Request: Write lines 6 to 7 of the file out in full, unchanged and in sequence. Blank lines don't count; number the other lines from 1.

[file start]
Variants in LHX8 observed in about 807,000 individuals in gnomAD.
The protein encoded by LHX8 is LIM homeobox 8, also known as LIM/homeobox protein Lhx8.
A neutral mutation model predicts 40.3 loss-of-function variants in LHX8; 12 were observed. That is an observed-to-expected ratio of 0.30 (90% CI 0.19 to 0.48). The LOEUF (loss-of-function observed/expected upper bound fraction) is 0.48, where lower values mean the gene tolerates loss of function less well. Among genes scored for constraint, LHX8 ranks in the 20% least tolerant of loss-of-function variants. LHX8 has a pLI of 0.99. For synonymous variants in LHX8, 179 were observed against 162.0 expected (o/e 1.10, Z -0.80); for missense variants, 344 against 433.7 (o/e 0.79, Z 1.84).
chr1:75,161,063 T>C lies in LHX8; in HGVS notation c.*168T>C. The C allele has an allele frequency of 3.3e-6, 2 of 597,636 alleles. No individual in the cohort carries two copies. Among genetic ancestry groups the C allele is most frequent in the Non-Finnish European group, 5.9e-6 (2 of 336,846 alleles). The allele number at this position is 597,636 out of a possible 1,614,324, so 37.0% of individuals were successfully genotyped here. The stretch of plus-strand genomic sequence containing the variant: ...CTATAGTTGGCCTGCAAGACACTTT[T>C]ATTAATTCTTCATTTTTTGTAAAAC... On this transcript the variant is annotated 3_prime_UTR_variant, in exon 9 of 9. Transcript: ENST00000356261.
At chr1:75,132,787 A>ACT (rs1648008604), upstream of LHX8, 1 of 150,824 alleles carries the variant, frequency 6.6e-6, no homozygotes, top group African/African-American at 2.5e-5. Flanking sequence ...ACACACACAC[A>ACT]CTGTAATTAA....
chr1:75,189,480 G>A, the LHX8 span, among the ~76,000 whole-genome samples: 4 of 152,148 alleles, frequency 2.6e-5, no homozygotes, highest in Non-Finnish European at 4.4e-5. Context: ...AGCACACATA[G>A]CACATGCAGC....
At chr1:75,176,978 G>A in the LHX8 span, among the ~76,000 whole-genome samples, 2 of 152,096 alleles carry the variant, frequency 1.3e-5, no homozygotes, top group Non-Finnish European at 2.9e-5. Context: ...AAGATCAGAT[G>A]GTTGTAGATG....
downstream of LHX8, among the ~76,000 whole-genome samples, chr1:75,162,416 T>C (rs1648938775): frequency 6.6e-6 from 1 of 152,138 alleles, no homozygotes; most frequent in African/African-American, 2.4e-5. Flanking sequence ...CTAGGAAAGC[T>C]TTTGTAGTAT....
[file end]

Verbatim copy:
chr1:75,189,480 G>A, the LHX8 span, among the ~76,000 whole-genome samples: 4 of 152,148 alleles, frequency 2.6e-5, no homozygotes, highest in Non-Finnish European at 4.4e-5. Context: ...AGCACACATA[G>A]CACATGCAGC....
At chr1:75,176,978 G>A in the LHX8 span, among the ~76,000 whole-genome samples, 2 of 152,096 alleles carry the variant, frequency 1.3e-5, no homozygotes, top group Non-Finnish European at 2.9e-5. Context: ...AAGATCAGAT[G>A]GTTGTAGATG....